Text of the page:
Small is Beautiful
Why build and live in a small house? First of all, it is more convenient to have what you need nearby. Life proceeds smoothly when the things you need are close at hand. Also, I might point out that limited space forces you to select only those things that you really need to live with, helping to keep clutter out of your life.
Another fairly obvious point is that a smaller house costs less to build and maintain. Housing represents the greatest expense that most of us face in this life. It is common to take on huge debt to pay for a house, which multiplies the cost even further, and places us in a kind of servitude to both the creditors and the house. Rob Roy, in his book “Mortgage Free!,” points out that the word mortgage comes from old French, and means “death pledge.” In it he describes many ways to build without debt. If you are able to own your house free and clear, all those years of your life that would have gone into paying off the debt can be utilized to positively affect your life and the world.
Obviously, the smaller the house, the fewer resources are consumed in creating it. Since the use of many building materials has a negative impact on our environment, keeping it small lessens the impact. Then there is the environmental cost of heating and cooling a house to consider. The smaller the house, the less this cost will be. Burning fossil fuels, either directly (such as propane heating) or indirectly (such as heating or cooling electrically), consumes these finite resources and contributes to carbon dioxide pollution. It is much easier and more effective to design a solar heated house that is small.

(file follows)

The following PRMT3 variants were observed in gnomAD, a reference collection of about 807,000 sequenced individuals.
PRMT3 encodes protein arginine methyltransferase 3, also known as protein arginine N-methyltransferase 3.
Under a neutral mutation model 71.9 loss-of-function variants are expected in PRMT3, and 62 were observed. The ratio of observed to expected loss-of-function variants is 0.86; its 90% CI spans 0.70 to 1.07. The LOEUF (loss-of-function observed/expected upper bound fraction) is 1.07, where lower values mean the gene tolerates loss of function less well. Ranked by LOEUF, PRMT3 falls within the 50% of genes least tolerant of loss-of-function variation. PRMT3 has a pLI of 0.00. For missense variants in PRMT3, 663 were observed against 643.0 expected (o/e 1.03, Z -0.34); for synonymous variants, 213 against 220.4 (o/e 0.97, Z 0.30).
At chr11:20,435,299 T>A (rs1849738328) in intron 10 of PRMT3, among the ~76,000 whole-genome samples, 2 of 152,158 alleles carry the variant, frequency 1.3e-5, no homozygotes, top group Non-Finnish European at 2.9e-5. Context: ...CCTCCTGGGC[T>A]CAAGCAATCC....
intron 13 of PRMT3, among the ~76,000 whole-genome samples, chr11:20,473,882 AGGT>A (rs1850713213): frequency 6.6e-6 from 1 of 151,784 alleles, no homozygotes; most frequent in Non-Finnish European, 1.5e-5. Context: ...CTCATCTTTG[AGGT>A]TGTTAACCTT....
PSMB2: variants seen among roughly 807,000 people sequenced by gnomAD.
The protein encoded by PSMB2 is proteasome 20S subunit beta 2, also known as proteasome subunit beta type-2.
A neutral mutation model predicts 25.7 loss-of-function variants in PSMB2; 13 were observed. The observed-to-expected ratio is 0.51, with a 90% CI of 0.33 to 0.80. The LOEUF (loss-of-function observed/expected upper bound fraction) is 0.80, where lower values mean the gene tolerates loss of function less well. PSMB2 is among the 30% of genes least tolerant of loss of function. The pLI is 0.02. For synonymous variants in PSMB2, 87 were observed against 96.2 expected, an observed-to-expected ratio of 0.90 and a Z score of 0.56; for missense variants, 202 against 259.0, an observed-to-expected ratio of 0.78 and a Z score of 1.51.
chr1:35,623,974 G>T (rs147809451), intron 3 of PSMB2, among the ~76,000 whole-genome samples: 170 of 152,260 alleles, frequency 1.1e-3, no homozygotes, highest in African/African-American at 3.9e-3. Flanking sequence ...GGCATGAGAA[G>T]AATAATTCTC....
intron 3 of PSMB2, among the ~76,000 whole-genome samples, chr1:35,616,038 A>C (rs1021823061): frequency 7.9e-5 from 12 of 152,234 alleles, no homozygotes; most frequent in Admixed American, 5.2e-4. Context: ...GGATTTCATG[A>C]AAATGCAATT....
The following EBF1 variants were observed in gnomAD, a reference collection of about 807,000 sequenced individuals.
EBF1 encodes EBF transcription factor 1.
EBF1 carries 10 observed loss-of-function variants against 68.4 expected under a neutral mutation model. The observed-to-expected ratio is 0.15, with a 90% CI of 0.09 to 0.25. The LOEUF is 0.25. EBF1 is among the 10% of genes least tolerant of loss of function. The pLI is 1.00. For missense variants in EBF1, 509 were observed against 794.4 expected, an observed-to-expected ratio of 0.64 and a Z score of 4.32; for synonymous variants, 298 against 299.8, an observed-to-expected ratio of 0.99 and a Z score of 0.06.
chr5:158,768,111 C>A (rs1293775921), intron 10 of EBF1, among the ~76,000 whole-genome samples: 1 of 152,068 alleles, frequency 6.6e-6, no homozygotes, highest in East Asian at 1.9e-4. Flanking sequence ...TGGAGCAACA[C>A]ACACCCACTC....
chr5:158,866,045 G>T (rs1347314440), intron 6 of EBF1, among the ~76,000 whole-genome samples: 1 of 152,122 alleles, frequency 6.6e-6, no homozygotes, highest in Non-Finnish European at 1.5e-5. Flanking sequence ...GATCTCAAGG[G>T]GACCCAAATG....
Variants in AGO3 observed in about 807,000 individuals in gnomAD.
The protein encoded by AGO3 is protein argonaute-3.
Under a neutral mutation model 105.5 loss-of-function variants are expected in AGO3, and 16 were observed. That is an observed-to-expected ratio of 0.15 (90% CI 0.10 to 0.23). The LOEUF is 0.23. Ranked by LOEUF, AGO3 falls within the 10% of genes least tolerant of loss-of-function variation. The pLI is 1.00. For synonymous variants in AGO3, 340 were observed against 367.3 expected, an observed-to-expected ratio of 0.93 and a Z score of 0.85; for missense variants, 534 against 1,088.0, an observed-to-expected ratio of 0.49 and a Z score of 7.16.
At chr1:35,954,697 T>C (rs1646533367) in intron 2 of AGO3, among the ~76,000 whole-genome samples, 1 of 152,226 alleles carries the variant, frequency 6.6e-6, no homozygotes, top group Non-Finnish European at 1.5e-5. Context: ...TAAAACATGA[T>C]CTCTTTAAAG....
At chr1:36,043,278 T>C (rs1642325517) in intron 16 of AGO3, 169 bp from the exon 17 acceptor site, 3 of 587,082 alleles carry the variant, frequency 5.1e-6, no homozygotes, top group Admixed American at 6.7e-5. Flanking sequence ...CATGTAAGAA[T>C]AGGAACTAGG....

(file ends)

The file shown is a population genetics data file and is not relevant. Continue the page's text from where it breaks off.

Another impact to consider is aesthetic. Does the house fit in with the landscape? A large, imposing edifice may seem out of scale with the surrounding land, whereas a small abode is more likely to fit in nicely.
To illustrate some of these concepts, Suzanne Frazier has graciously allowed me to use her home as a model “small house.” Built in 1994 by “Cut No Slack” construction of Salida, Colorado, Suzanne's house is more or less conventional in materials used (wood framed, etc.). She wanted it to conform to the Uniform Building Code so that she would be sure of its integrity as a house over time.
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